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The Soviet Union As A Totalitarian Regime

2239 words - 9 pages

The domination of political control must be all encompassing and commands authority from the public and private lives of citizens to the functions of social and economic institutions in order to be distinguished as a totalitarian state. Through the study of Juan Linz, Hannah Arendt and other political philosophers, we are able to define the Soviet Union under Stalin’s control as a true totalitarian regime. The simultaneous components of the center of power surrounding Stalin and his Central Committee, a Stalinist ideology manipulated from Marxist and Leninist philosophy, and the mobilization of the population to participate in collectivization and the Five-Year Plans are parallel to Linz’s ...view middle of the document...

The Soviet Union under Stalin is a primary example of a totalitarian state as his authority penetrated every aspect of society from his rise to power in 1924 to his death in 1953.
To determine the characteristics of a totalitarian regime, the elements provided by Juan Linz will be reviewed then compared to those of Hannah Arendt and shall be the basis to define such system in the case study of Stalin’s Soviet Union. From the chapter Totalitarian Systems in “Totalitarian and Authoritarian Regimes”, Linz offers three main points that must apply for the system to be considered totalitarian. First, “there is a monistic but not monolithic center of power,” (Linz 2000, 70) where pluralism is not tolerated and all subsequent political and institutions must derive it’s legitimacy from. Second, all policies and it’s legitimization stems from an “exclusive, autonomous, and more or less intellectually elaborate ideology,” and gives the meaning to the purpose and interpretation of the system’s reality. Finally, Linz adds that “citizen participation in and active mobilization for political and collective social tasks are encouraged, demanded, rewarded and channeled,” through the party and any institutions that has derived from it (Linz 2000, 70). It should be clear that there is only one possible philosophy and that all channels of society must adhere it. Hannah Arendt adds in her very comprehensive study “The Origins of Totalitarianism”, that emphasis is placed on the mobilization of a mob society, the use of propaganda and organizations to fuel the movement, the total domination achieved by the use of secret police and the overall definition of what she called “a novel form of government” through the use of ideology and terror. While much of her points coincides Linz’s, we must distinguish that while both agree on the center of power, participation of the masses and the use of organizations and institutions through the party, Arendt’s inclusion of propaganda and terror is not essential of a totalitarian system for Linz but will be for used for this study. Therefore, I will combine both philosophies define the totalitarian system of the Soviet Union under Stalin with the following criterion: a monistic center of power defined by Stalin’s leadership, an ideology called Stalinism based off of Marxist and Leninist principles, a single party system as portrayed by the Central Committee Party and it’s infiltration and total domination on society, and the simultaneous repercussions of terror through the use of the secret police (NKVD) to mobilize and command society. I shall also highlight the propaganda used at each level.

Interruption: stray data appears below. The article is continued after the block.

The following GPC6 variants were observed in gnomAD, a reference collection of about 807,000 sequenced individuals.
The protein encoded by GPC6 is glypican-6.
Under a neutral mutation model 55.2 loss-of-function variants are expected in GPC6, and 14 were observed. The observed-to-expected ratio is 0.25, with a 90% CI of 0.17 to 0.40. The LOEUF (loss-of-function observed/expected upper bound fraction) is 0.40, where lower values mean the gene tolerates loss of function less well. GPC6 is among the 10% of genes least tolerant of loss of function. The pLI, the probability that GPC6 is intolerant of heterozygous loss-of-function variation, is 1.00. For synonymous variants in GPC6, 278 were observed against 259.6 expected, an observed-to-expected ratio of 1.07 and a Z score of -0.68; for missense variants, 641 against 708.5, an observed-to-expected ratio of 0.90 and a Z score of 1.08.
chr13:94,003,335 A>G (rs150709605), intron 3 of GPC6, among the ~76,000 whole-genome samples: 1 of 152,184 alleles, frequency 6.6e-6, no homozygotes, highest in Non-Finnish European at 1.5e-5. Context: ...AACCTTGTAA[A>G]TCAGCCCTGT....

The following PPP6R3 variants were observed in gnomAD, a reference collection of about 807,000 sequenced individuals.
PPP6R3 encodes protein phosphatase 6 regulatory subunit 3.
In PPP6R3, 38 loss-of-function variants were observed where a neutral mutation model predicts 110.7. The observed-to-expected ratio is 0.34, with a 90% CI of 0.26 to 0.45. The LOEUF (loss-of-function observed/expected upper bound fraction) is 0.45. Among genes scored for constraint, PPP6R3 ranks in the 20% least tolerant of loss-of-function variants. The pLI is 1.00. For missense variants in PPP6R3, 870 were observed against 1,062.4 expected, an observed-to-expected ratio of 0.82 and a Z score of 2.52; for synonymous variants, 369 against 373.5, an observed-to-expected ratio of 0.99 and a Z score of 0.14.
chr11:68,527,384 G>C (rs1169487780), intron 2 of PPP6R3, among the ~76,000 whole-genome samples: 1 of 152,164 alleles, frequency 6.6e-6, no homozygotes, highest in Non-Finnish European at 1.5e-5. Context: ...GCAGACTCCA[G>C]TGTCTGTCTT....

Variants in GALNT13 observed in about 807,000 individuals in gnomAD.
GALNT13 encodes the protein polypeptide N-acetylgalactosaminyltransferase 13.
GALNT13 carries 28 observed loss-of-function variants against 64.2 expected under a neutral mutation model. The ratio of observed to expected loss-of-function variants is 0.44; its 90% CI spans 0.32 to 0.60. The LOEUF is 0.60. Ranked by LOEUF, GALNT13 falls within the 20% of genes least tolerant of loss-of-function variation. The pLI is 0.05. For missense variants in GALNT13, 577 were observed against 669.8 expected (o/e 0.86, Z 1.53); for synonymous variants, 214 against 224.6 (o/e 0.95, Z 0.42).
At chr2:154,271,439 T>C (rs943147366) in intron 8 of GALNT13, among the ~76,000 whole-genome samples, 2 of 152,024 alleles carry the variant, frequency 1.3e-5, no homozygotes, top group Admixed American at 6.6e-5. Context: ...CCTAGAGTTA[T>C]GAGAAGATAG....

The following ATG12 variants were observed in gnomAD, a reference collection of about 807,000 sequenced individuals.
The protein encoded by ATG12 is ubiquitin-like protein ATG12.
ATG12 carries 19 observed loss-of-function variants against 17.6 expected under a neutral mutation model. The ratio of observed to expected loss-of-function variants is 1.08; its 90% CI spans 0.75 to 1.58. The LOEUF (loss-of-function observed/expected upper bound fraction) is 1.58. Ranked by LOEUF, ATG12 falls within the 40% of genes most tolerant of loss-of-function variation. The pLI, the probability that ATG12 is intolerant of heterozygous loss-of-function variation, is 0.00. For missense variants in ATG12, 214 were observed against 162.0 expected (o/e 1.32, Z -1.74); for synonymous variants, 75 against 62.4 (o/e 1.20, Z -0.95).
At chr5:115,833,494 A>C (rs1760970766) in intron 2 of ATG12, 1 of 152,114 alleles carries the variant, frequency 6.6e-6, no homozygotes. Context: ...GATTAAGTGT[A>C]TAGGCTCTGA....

Josef Stalin sat at the center of power in the totalitarian Soviet Union. He was never a strong contender to be Lenin’s successor but climbed up the Bolshevik ladder with his manipulated depiction of himself as Lenin’s true disciple and his low-brow appeal to the peasantry class (Over 2004, 9). He was able to build his public perceived image...

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